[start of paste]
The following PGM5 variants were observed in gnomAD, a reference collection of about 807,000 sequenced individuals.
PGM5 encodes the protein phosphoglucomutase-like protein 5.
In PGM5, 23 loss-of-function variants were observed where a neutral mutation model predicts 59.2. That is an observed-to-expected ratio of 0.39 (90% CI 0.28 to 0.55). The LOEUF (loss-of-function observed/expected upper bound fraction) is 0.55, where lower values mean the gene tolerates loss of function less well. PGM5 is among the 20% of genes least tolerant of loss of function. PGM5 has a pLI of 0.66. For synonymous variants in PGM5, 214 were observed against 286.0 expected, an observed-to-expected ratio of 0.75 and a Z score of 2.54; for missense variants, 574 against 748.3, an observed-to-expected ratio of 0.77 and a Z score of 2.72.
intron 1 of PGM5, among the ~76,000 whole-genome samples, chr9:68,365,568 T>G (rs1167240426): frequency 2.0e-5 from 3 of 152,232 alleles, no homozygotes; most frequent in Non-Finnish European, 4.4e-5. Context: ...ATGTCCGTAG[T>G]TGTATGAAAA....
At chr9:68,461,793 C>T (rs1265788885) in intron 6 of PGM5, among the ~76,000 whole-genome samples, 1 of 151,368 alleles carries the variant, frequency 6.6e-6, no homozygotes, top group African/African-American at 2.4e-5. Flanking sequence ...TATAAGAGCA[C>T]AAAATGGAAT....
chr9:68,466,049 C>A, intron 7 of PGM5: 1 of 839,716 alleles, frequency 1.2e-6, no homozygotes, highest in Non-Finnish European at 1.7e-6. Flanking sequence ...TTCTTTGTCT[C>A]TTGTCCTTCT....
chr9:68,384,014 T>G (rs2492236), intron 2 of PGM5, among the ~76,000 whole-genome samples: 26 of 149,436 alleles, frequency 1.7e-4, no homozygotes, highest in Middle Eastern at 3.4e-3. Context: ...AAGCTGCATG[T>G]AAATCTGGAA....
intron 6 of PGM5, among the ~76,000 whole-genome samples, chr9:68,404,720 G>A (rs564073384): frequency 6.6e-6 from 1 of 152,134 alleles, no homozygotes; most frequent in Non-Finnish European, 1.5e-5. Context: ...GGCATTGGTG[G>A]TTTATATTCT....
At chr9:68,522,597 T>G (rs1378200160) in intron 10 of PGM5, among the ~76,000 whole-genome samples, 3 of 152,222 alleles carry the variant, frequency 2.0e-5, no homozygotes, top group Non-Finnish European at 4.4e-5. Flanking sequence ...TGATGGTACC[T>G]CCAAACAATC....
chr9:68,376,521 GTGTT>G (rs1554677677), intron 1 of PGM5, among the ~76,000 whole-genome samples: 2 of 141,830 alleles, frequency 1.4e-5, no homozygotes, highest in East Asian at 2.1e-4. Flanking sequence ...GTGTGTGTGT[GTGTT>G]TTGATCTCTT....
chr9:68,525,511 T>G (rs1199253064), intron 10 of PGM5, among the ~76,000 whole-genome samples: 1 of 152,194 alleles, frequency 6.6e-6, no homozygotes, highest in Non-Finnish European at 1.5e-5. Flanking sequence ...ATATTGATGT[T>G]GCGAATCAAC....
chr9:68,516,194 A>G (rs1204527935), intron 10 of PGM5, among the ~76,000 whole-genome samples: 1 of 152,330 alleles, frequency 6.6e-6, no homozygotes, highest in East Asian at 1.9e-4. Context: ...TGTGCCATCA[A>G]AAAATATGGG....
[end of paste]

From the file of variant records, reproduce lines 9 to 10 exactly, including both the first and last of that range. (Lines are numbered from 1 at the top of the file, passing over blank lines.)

At chr9:68,522,597 T>G (rs1378200160) in intron 10 of PGM5, among the ~76,000 whole-genome samples, 3 of 152,222 alleles carry the variant, frequency 2.0e-5, no homozygotes, top group Non-Finnish European at 4.4e-5. Flanking sequence ...TGATGGTACC[T>G]CCAAACAATC....
chr9:68,376,521 GTGTT>G (rs1554677677), intron 1 of PGM5, among the ~76,000 whole-genome samples: 2 of 141,830 alleles, frequency 1.4e-5, no homozygotes, highest in East Asian at 2.1e-4. Flanking sequence ...GTGTGTGTGT[GTGTT>G]TTGATCTCTT....